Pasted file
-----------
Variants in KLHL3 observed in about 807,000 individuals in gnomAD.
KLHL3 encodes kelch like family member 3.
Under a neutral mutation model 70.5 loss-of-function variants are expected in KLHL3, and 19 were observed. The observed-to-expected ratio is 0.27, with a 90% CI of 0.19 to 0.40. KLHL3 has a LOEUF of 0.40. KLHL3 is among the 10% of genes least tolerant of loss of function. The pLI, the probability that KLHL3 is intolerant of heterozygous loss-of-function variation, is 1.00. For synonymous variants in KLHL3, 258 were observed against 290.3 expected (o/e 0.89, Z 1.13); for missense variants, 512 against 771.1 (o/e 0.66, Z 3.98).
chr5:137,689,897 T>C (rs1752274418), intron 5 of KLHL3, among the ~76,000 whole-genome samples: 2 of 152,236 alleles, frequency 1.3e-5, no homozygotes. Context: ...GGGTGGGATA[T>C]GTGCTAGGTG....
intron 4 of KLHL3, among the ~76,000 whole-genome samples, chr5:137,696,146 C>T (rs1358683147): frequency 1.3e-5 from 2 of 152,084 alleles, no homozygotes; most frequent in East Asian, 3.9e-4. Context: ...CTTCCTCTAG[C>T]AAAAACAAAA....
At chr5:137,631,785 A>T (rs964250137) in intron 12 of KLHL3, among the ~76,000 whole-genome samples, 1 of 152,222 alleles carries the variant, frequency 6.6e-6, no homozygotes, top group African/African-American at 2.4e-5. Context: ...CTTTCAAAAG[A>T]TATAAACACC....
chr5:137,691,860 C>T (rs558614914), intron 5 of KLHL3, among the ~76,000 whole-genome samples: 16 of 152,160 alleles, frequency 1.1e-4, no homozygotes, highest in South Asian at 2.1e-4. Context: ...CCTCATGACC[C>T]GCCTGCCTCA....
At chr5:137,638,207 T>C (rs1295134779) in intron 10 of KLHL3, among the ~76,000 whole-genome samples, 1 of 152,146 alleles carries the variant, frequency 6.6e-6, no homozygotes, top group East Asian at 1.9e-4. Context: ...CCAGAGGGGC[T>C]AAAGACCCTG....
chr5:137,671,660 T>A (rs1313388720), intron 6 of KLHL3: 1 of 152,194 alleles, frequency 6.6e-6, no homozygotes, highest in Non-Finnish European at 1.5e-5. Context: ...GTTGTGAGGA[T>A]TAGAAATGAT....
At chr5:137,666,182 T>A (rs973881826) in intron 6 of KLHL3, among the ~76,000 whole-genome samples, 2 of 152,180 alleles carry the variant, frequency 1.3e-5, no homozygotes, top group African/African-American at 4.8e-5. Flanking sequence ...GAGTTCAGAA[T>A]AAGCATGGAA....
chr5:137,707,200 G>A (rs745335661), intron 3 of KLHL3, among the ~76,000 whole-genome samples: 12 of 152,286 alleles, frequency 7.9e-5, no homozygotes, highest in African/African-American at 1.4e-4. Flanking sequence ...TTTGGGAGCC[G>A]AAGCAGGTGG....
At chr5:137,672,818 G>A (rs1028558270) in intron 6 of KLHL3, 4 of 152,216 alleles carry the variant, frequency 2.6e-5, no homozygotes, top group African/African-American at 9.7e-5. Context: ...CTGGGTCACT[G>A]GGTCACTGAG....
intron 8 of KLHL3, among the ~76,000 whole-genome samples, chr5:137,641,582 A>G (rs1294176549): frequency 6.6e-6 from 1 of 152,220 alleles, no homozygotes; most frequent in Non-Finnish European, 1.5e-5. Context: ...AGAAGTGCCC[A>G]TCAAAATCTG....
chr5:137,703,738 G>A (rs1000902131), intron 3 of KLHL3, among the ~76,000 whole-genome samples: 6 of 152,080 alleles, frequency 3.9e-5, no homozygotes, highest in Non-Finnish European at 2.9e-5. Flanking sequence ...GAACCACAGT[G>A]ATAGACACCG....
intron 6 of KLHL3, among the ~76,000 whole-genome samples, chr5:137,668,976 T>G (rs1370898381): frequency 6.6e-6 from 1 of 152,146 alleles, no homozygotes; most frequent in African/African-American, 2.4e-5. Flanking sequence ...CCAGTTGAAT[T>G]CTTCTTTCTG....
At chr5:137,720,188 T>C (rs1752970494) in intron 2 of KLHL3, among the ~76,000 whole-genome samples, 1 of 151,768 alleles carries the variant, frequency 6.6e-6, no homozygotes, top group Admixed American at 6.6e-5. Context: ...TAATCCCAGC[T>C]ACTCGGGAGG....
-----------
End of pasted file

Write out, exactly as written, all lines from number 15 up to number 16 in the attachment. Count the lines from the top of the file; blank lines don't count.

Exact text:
intron 6 of KLHL3, among the ~76,000 whole-genome samples, chr5:137,668,976 T>G (rs1370898381): frequency 6.6e-6 from 1 of 152,146 alleles, no homozygotes; most frequent in African/African-American, 2.4e-5. Flanking sequence ...CCAGTTGAAT[T>G]CTTCTTTCTG....
At chr5:137,720,188 T>C (rs1752970494) in intron 2 of KLHL3, among the ~76,000 whole-genome samples, 1 of 151,768 alleles carries the variant, frequency 6.6e-6, no homozygotes, top group Admixed American at 6.6e-5. Context: ...TAATCCCAGC[T>C]ACTCGGGAGG....